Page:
On Tea Abbadini’s 13th birthday, she started feeling sudden pain on the right side of her lower abdomen that her parents thought was appendicitis. A few months later on Christmas Eve, Tea’s hand cramped up for 10 minutes and on New Year’s Eve, she got her first back cramp. Her back cramp was so bad that it curved her to the right and caused her to walk leaned over for a few hours.
This went on for the next several months. Some days Tea would be fine, and other days she wouldn’t be able to write, or walk, or even talk. She stopped being able to attend school and was hospitalized often. Tea was diagnosed with dystonia, a neurological movement disorder that causes continuous pain, cramping, and relentless muscle spasms due to involuntary muscle movements. With this diagnosis, her dreams of continuing her gymnastics career and of one day attending college were put on hold.
“I felt like I was in a dream, I wanted to wake up and it all to be over. I was so mad at my body for putting me through this pain,” Tea said. “Do you know what it is like not being in control of your own body? It literally feels like your mind is out to get you.”
Tea’s older cousin had similar symptoms which were diagnosed as dystonia and received deep brain stimulation (DBS) surgery eight years earlier. Her cousin’s doctor recommended that Tea see Bennett Lavenstein, M.D., a neurologist at Children’s National Hospital who later referred the family to Chima Oluigbo, M.D., a neurosurgeon at Children’s National. Over the next several months, Tea was put on different medications to try and control her cramping, but nothing seemed to work for more than a few hours. Shortly before her family decided to move forward with DBS surgery, Tea was in the hospital for three weeks and could not speak, eat, walk, or do anything on her own.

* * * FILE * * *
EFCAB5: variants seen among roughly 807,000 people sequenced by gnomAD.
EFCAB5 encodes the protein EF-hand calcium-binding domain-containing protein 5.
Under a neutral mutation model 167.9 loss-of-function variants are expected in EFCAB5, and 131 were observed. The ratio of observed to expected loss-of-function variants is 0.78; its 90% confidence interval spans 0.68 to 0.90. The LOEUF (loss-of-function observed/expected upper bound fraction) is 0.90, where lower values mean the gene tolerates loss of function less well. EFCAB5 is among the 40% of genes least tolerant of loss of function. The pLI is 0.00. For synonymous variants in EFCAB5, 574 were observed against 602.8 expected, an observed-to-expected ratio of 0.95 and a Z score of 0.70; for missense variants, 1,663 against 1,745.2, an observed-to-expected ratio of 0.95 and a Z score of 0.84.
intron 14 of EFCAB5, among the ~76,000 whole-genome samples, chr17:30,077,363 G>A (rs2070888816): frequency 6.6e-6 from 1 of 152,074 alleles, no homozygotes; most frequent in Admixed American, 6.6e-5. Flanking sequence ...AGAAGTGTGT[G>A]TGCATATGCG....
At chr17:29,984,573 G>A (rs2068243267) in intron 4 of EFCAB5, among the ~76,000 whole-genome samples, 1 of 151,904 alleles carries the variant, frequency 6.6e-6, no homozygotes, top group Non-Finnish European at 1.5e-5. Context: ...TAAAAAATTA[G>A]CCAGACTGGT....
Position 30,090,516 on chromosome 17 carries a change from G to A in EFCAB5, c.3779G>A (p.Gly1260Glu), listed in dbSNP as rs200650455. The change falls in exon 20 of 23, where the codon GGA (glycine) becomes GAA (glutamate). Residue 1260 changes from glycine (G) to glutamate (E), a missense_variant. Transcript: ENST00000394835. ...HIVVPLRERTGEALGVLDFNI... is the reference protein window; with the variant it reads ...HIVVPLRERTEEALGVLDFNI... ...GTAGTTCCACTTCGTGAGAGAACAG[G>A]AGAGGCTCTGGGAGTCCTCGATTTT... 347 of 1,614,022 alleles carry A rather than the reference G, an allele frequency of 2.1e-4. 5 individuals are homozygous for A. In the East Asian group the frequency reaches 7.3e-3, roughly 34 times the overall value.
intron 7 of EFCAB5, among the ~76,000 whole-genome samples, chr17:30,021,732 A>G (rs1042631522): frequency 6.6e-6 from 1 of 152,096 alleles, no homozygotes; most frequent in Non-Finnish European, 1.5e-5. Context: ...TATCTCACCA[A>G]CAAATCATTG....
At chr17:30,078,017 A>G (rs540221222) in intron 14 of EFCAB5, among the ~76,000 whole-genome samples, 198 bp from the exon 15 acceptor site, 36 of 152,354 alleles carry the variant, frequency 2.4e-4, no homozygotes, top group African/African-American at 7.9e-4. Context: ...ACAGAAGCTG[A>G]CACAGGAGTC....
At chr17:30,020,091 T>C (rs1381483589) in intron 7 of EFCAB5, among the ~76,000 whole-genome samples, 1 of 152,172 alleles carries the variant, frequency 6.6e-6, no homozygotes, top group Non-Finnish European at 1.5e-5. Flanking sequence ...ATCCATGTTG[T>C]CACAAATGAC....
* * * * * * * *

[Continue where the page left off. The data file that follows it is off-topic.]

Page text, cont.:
“I felt powerless. It was so hard to watch Tea be in so much pain. We knew we had to try something else to help her and felt ready to try deep brain stimulation,” said Tonya Abbadini, Tea’s mother.
Deep brain stimulation involves surgically implanting electrodes in the brain that preclude electrical impulses to regulate abnormalities in the brain. The stimulation is controlled by a pacemaker-like device that’s implanted under the skin which connects to the brain through small wires.
Since her DBS surgery, Tea has had no symptoms and is back to normal life. In fact, four days after her DBS machine was turned on, her back released for the first time in seven months.
“This experience has changed my whole perspective on life. Because of my disorder, I have decided to become a neurosurgeon who specializes in deep brain stimulation, to help kids like me. So I would say that even though I got off on a rocky start, that dystonia changed my life in a very positive way. I wouldn’t change a thing,” Tea said.